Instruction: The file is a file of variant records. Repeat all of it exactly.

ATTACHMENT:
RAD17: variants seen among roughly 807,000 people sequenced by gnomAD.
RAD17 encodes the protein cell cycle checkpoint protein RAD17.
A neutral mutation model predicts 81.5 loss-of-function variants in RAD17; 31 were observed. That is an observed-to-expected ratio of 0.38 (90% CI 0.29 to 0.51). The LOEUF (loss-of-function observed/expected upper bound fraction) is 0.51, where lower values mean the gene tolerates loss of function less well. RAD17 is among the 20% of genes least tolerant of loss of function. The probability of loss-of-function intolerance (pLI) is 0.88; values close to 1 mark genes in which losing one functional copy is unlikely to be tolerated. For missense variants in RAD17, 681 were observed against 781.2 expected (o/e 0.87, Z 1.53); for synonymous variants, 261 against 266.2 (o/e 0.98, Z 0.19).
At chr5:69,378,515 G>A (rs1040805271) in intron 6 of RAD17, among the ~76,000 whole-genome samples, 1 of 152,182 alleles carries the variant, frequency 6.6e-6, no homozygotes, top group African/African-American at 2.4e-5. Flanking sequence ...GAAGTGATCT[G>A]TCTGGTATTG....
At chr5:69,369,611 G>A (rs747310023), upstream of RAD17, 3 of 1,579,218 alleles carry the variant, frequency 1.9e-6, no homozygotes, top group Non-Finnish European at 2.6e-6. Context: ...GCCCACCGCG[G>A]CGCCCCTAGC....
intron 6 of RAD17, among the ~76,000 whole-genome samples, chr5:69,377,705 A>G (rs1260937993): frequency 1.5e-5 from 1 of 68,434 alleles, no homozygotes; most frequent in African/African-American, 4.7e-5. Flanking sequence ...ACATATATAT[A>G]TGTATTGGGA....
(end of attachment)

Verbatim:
RAD17: variants seen among roughly 807,000 people sequenced by gnomAD.
RAD17 encodes the protein cell cycle checkpoint protein RAD17.
A neutral mutation model predicts 81.5 loss-of-function variants in RAD17; 31 were observed. That is an observed-to-expected ratio of 0.38 (90% CI 0.29 to 0.51). The LOEUF (loss-of-function observed/expected upper bound fraction) is 0.51, where lower values mean the gene tolerates loss of function less well. RAD17 is among the 20% of genes least tolerant of loss of function. The probability of loss-of-function intolerance (pLI) is 0.88; values close to 1 mark genes in which losing one functional copy is unlikely to be tolerated. For missense variants in RAD17, 681 were observed against 781.2 expected (o/e 0.87, Z 1.53); for synonymous variants, 261 against 266.2 (o/e 0.98, Z 0.19).
At chr5:69,378,515 G>A (rs1040805271) in intron 6 of RAD17, among the ~76,000 whole-genome samples, 1 of 152,182 alleles carries the variant, frequency 6.6e-6, no homozygotes, top group African/African-American at 2.4e-5. Flanking sequence ...GAAGTGATCT[G>A]TCTGGTATTG....
At chr5:69,369,611 G>A (rs747310023), upstream of RAD17, 3 of 1,579,218 alleles carry the variant, frequency 1.9e-6, no homozygotes, top group Non-Finnish European at 2.6e-6. Context: ...GCCCACCGCG[G>A]CGCCCCTAGC....
intron 6 of RAD17, among the ~76,000 whole-genome samples, chr5:69,377,705 A>G (rs1260937993): frequency 1.5e-5 from 1 of 68,434 alleles, no homozygotes; most frequent in African/African-American, 4.7e-5. Flanking sequence ...ACATATATAT[A>G]TGTATTGGGA....